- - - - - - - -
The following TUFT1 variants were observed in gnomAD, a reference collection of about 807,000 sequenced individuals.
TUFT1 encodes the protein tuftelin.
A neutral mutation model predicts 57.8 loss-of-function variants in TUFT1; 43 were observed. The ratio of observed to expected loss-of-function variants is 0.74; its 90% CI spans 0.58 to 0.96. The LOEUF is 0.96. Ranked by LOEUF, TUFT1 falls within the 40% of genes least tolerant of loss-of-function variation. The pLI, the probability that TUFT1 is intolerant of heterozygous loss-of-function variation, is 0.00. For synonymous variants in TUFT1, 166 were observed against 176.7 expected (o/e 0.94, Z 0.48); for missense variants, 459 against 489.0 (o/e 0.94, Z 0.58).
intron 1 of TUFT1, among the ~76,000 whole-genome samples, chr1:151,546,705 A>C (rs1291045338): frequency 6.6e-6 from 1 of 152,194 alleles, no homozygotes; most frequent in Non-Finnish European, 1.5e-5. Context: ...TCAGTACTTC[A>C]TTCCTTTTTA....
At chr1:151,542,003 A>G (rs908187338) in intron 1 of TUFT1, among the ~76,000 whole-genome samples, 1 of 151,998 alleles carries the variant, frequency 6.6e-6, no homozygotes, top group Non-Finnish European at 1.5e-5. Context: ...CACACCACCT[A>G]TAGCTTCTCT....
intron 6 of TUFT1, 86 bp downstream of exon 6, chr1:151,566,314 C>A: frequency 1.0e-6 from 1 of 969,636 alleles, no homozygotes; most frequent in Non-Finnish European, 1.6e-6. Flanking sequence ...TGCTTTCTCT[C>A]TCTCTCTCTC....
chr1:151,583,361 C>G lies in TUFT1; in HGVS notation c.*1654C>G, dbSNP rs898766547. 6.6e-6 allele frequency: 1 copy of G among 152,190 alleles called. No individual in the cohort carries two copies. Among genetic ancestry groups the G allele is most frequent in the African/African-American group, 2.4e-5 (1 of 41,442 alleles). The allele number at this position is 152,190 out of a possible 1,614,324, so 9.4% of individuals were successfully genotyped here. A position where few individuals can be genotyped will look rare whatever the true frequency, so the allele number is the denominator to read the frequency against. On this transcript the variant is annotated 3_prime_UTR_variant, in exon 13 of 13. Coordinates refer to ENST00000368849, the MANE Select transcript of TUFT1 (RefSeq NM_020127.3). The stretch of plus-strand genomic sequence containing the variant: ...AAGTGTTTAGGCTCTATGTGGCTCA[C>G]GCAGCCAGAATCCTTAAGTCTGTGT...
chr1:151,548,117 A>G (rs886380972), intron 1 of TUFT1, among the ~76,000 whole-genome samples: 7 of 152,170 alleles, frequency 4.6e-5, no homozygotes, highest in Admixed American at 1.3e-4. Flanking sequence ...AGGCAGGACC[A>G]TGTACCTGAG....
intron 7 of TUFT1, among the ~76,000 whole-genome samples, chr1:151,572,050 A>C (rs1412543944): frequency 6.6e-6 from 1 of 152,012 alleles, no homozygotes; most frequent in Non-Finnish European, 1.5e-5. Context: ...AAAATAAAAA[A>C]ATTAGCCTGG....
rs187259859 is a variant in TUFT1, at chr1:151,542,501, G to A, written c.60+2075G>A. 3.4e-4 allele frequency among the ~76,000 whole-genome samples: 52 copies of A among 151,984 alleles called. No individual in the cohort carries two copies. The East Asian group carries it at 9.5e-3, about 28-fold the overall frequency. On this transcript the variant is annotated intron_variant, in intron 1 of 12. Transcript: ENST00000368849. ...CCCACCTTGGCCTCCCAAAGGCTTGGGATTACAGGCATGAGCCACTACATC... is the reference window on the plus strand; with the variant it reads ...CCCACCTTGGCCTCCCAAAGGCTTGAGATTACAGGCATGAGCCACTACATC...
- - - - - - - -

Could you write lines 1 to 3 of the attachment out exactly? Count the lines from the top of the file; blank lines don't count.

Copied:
The following TUFT1 variants were observed in gnomAD, a reference collection of about 807,000 sequenced individuals.
TUFT1 encodes the protein tuftelin.
A neutral mutation model predicts 57.8 loss-of-function variants in TUFT1; 43 were observed. The ratio of observed to expected loss-of-function variants is 0.74; its 90% CI spans 0.58 to 0.96. The LOEUF is 0.96. Ranked by LOEUF, TUFT1 falls within the 40% of genes least tolerant of loss-of-function variation. The pLI, the probability that TUFT1 is intolerant of heterozygous loss-of-function variation, is 0.00. For synonymous variants in TUFT1, 166 were observed against 176.7 expected (o/e 0.94, Z 0.48); for missense variants, 459 against 489.0 (o/e 0.94, Z 0.58).